An American Modern
Ongoing exhibition at the Utah Museum of Fine Arts explores the art of Japanese-american Chiura Obata.
Now open at the Utah Museum of Fine Arts in Salt Lake City is an exhibition dedicated to the life and work of Chiura Obata, a Japanese-american whose work were inspired by the West, particularly national parks such as the Grand Canyon and Yosemite.
Chiura Obata: An American Modern is the first internationally traveling survey of the artist’s work and features more than 150 paintings, watercolors, prints and screens, from intimate ikebana studies to grand landscapes of the American West. The exhibition will also feature more than 30 drawings and paintings documenting his forced internment during World War II, including many scenes from the Topaz Relocation Center near Delta, Utah, where he was held from 1942 to 1943. Many of these images have never been on public display.
Obata was born in Okayama, Japan, in 1885 and late emigrated to the United States in 1903 to begin a seven-decade art career, working primarily in California. A leading figure in Northern California’s art community, Obata was an influential art professor at the University of California, Berkeley for 22 years, a tenure that was interrupted by more than a year’s internment at the Tanforan Assembly Center in California and at Topaz in Utah, where he founded art schools. After the war, and despite reprehensible treatment by the American government, Obata resumed teaching at Berkeley and continued teaching American artists Japanese forms of art.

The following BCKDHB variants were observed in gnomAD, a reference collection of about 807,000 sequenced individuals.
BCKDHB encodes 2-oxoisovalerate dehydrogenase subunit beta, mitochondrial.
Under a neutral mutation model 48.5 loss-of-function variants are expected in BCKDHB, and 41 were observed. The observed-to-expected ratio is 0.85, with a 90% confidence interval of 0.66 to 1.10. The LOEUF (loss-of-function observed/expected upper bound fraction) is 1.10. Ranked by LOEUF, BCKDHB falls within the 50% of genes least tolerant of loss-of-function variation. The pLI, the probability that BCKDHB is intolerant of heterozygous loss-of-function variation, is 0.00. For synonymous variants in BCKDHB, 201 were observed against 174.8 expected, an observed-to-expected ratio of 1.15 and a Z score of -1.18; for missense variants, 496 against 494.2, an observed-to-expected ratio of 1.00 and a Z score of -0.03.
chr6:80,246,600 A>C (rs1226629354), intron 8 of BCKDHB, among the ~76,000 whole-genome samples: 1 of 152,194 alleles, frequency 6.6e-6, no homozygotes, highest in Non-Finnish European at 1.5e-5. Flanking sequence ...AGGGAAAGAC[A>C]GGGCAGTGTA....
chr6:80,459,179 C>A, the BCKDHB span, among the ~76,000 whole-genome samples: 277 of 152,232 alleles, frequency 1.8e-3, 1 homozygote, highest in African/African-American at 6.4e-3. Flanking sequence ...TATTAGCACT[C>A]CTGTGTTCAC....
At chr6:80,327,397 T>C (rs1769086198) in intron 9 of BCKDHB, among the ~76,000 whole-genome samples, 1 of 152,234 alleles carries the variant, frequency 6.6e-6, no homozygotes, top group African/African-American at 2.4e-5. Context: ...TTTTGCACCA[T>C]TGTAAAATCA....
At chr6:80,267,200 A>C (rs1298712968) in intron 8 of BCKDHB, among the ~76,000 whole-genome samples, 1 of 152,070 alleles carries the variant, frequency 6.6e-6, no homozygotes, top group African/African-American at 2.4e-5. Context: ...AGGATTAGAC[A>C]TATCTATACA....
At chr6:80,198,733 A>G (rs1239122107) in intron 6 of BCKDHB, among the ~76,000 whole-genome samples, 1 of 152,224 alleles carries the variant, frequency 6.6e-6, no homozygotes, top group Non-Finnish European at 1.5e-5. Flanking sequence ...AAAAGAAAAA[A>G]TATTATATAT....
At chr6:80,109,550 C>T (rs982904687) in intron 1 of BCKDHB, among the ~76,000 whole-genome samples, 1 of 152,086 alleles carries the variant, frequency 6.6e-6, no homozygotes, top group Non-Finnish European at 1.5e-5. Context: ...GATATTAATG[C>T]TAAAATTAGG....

“In my small way, I have attempted to offer my entire self—body and soul—to the depiction of the beauty of the world through my humble eyes,” Obata said in 1930. “That has been my only aim and purpose all these long years.”
“Obata’s faith in the power of art, his devotion to preserving the myriad grandeur of what he called ‘Great Nature,’ and his compelling personal story as an immigrant and an American all make Obata and his art as relevant to our contemporary moment as ever,” says Shipu Wang, exhibition curator and professor of art history and visual culture at the University of California, Merced.
The exhibition continues through September 2. For more information visit umfa.utah.edu.
Chiura Obata (1885-1975), Evening Glow at Yosemite Waterfall, Yosemite National Park, California, No. 23 of the World Landscape Series, 1930, color woodcut, 15 x 11”. Achenbach Foundation for Graphic Arts, 1963.30.3126.23.
Chiura Obata (1885-1975), Grand Canyon, May 15, 1940, watercolor on silk, 17½ x 21¾”. Amber and Richard Sakai Collection.